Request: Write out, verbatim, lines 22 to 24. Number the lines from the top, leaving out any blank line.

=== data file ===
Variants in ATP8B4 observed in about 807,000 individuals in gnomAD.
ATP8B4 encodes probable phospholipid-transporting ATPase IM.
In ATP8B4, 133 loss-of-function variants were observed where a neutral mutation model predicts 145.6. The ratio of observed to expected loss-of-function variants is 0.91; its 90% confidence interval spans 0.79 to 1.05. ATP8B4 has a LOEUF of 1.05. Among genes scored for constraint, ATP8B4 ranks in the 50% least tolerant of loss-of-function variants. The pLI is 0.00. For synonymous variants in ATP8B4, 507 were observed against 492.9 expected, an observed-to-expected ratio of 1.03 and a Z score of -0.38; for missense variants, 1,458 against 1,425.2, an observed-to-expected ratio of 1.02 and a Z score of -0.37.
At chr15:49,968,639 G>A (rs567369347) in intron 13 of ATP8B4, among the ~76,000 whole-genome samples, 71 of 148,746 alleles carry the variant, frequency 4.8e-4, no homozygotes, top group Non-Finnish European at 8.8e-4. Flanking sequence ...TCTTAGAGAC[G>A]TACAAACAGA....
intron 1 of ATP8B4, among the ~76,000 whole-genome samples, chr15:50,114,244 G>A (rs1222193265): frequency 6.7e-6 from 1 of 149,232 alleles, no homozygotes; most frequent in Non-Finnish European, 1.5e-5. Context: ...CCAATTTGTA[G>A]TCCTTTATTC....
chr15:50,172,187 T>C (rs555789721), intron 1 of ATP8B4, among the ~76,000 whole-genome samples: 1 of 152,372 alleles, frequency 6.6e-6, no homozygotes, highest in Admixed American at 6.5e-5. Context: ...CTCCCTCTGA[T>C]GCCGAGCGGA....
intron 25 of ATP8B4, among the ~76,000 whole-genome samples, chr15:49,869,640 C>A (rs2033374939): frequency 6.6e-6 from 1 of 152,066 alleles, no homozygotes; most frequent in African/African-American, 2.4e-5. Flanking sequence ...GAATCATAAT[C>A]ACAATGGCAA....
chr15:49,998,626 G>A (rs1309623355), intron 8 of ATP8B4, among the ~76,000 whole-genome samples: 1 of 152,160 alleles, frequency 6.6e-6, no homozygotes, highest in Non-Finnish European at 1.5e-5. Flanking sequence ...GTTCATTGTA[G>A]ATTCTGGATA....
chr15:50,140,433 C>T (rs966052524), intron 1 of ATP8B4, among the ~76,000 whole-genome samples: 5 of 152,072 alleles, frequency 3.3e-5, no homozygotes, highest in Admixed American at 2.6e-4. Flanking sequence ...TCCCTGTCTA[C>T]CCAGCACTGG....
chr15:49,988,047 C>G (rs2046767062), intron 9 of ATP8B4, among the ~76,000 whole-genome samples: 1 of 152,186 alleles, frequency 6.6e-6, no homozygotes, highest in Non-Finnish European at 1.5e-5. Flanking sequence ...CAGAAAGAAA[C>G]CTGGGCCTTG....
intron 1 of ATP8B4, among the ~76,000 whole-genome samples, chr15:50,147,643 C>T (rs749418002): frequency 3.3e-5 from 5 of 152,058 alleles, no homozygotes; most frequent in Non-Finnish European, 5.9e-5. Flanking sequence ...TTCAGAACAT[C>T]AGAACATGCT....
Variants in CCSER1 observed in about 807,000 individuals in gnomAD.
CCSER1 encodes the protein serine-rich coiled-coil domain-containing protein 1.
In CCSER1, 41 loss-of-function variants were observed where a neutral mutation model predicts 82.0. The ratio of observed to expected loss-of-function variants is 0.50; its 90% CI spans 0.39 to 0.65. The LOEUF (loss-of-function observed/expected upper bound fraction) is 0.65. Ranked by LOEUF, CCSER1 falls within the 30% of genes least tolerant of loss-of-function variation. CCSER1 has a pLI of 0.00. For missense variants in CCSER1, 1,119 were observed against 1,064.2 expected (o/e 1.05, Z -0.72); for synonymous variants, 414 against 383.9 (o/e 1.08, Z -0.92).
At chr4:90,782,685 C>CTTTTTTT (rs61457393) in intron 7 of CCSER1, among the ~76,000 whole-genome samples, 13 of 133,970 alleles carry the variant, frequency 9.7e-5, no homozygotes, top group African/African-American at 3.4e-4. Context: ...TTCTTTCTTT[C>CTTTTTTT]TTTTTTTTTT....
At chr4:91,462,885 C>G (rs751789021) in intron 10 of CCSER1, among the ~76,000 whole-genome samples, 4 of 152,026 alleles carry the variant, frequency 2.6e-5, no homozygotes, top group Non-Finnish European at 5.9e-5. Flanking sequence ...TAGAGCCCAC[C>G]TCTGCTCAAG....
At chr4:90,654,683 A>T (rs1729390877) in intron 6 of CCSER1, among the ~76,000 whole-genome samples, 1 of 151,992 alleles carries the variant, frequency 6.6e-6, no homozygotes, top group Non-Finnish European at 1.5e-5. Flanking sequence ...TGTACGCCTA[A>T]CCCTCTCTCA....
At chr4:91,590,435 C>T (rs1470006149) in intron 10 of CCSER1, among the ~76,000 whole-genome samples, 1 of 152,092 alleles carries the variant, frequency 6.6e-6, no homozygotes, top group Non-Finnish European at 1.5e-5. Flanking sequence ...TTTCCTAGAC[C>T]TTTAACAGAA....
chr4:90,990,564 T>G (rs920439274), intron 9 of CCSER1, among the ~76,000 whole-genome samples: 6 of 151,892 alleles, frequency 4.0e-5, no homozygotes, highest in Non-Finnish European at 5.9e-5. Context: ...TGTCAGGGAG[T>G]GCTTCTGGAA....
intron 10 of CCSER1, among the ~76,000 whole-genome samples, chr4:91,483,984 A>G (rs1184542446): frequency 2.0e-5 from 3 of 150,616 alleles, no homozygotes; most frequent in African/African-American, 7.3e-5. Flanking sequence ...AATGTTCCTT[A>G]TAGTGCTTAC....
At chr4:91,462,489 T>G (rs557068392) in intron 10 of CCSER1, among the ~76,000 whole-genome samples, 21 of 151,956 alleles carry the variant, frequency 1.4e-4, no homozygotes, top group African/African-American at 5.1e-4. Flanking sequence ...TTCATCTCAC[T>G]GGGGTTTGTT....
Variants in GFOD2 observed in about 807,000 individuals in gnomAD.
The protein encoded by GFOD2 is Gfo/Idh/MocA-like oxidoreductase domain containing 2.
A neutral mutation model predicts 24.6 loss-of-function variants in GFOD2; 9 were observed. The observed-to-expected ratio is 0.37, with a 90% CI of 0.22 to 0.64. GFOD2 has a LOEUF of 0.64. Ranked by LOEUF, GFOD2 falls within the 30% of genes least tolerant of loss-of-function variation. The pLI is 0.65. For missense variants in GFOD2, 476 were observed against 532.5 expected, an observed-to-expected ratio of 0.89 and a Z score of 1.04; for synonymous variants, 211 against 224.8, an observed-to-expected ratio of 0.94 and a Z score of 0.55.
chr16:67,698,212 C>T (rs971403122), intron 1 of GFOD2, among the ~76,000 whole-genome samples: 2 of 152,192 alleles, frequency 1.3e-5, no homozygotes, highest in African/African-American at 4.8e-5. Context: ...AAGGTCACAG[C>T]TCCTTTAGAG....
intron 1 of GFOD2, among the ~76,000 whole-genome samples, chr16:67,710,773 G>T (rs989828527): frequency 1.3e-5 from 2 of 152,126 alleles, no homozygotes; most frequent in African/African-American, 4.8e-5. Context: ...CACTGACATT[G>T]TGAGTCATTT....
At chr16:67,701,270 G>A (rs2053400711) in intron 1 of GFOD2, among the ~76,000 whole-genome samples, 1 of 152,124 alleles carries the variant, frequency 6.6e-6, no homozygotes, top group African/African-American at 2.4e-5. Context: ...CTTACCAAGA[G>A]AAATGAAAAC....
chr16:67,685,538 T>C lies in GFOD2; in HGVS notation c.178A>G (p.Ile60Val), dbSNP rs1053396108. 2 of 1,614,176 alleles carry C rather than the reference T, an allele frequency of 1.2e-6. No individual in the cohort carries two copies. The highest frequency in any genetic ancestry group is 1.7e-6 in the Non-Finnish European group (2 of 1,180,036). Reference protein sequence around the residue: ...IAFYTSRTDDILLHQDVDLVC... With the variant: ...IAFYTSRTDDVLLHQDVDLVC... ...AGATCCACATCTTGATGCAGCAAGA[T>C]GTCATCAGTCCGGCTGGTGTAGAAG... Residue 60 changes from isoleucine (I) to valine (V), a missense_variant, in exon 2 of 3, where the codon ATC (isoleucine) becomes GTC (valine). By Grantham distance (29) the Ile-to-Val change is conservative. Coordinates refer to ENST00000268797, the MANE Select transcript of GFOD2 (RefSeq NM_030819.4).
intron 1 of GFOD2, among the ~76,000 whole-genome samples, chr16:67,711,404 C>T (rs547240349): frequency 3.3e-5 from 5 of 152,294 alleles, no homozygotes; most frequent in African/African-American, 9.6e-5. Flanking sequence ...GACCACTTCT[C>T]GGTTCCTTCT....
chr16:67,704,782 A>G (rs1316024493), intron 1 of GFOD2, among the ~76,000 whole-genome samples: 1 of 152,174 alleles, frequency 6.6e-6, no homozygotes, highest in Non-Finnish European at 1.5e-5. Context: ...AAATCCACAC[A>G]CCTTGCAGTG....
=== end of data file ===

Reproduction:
Variants in GFOD2 observed in about 807,000 individuals in gnomAD.
The protein encoded by GFOD2 is Gfo/Idh/MocA-like oxidoreductase domain containing 2.
A neutral mutation model predicts 24.6 loss-of-function variants in GFOD2; 9 were observed. The observed-to-expected ratio is 0.37, with a 90% CI of 0.22 to 0.64. GFOD2 has a LOEUF of 0.64. Ranked by LOEUF, GFOD2 falls within the 30% of genes least tolerant of loss-of-function variation. The pLI is 0.65. For missense variants in GFOD2, 476 were observed against 532.5 expected, an observed-to-expected ratio of 0.89 and a Z score of 1.04; for synonymous variants, 211 against 224.8, an observed-to-expected ratio of 0.94 and a Z score of 0.55.